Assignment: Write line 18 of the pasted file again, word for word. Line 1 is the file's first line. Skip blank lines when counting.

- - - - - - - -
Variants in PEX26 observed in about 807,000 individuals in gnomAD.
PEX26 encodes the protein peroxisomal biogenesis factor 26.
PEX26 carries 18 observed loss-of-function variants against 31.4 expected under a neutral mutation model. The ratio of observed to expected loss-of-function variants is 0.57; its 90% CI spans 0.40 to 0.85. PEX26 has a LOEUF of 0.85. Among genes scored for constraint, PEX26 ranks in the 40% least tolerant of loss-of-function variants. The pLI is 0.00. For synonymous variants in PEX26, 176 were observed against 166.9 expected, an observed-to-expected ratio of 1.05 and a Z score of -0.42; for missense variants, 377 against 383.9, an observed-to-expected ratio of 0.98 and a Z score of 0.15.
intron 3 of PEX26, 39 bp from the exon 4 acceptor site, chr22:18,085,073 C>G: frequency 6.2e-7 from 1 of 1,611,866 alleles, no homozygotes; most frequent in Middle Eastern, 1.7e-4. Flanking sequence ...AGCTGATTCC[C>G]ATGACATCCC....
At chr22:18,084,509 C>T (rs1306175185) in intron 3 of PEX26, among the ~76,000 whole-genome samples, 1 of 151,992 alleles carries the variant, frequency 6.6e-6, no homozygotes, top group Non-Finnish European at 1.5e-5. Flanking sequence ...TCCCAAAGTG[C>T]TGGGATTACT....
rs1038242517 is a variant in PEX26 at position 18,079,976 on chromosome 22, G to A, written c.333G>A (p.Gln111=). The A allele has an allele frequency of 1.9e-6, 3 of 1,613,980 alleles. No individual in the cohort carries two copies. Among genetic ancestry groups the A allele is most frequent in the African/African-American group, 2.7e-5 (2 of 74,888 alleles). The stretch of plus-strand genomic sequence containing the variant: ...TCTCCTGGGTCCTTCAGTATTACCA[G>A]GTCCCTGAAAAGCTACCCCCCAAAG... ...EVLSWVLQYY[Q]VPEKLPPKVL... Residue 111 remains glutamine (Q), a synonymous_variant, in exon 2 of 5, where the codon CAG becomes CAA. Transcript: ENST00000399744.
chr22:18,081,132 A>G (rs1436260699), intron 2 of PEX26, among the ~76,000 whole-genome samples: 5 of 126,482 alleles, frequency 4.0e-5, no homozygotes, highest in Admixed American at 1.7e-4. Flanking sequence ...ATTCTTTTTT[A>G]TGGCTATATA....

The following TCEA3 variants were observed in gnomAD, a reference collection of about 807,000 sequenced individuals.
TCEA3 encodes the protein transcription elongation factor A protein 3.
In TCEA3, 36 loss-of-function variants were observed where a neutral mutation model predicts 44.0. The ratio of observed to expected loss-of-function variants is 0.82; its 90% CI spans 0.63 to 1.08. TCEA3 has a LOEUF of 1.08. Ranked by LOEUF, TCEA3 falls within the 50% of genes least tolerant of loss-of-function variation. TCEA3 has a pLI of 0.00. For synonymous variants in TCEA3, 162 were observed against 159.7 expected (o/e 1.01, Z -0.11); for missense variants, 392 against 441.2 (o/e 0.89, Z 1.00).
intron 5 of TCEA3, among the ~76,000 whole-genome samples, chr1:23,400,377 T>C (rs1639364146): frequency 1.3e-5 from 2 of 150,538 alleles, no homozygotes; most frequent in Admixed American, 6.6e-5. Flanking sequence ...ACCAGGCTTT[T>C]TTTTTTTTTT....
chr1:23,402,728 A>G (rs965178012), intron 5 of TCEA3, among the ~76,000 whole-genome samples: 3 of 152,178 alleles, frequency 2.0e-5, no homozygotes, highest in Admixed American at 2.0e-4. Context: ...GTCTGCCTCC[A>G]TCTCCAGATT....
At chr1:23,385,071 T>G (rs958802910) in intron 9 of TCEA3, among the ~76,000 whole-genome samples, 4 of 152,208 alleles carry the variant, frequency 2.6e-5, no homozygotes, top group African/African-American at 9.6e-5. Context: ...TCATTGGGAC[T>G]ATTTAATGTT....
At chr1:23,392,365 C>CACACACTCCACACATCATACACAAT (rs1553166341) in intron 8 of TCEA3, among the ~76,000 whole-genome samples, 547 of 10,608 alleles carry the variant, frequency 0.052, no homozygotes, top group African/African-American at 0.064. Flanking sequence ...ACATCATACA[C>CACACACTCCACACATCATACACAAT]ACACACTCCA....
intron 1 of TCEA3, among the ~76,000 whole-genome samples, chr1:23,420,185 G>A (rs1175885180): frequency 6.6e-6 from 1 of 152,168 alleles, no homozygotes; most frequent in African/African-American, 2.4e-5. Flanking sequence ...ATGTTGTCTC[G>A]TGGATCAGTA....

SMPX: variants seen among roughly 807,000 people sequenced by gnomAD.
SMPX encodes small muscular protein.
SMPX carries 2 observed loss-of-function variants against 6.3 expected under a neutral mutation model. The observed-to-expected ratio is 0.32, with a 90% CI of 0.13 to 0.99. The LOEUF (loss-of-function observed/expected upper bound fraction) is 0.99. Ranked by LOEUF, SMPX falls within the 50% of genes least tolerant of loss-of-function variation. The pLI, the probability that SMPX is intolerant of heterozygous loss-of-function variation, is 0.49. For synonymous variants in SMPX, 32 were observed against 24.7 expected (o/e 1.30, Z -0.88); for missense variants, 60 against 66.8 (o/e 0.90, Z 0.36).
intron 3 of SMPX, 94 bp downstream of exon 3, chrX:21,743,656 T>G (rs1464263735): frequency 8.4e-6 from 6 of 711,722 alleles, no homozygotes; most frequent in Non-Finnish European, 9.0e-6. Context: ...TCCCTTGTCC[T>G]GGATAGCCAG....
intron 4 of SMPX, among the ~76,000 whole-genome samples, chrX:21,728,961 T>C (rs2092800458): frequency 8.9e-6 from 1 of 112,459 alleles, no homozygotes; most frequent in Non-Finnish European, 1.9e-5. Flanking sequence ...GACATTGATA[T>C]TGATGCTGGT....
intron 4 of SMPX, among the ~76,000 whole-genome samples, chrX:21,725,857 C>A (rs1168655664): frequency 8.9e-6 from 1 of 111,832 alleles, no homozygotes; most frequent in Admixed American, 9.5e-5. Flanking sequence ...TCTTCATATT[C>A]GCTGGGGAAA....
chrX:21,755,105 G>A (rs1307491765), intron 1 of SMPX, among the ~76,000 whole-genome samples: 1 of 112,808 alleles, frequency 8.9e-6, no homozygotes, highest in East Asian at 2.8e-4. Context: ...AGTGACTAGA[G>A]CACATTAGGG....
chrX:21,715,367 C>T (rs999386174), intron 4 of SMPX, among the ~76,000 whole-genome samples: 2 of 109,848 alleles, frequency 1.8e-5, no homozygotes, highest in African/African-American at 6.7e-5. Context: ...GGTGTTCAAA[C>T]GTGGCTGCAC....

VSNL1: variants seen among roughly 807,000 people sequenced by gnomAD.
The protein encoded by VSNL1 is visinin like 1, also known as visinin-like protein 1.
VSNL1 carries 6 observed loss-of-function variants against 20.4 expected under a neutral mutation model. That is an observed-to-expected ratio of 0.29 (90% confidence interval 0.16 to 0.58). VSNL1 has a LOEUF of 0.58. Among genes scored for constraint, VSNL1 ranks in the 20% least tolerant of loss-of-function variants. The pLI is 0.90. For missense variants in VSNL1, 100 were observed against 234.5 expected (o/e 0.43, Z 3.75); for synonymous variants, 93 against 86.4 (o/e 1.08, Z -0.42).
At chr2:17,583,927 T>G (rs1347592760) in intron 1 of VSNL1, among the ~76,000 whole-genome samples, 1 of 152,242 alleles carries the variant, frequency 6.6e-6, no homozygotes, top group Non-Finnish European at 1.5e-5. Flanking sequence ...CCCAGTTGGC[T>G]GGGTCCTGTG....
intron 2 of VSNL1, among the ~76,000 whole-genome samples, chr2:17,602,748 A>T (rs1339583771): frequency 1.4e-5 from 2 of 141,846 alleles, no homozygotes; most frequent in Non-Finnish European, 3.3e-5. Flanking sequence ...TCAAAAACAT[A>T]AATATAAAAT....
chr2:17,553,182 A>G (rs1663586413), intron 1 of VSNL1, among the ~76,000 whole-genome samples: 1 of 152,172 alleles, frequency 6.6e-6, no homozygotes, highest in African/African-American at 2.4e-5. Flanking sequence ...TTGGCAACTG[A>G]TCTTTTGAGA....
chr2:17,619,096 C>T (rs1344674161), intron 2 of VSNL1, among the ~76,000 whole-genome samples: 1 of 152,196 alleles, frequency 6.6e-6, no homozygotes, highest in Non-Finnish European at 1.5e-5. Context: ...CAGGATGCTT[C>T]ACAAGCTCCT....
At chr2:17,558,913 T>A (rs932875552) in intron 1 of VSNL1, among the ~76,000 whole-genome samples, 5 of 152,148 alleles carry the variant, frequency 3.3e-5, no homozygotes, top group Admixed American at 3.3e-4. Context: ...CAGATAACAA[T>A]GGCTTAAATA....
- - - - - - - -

SMPX carries 2 observed loss-of-function variants against 6.3 expected under a neutral mutation model. The observed-to-expected ratio is 0.32, with a 90% CI of 0.13 to 0.99. The LOEUF (loss-of-function observed/expected upper bound fraction) is 0.99. Ranked by LOEUF, SMPX falls within the 50% of genes least tolerant of loss-of-function variation. The pLI, the probability that SMPX is intolerant of heterozygous loss-of-function variation, is 0.49. For synonymous variants in SMPX, 32 were observed against 24.7 expected (o/e 1.30, Z -0.88); for missense variants, 60 against 66.8 (o/e 0.90, Z 0.36).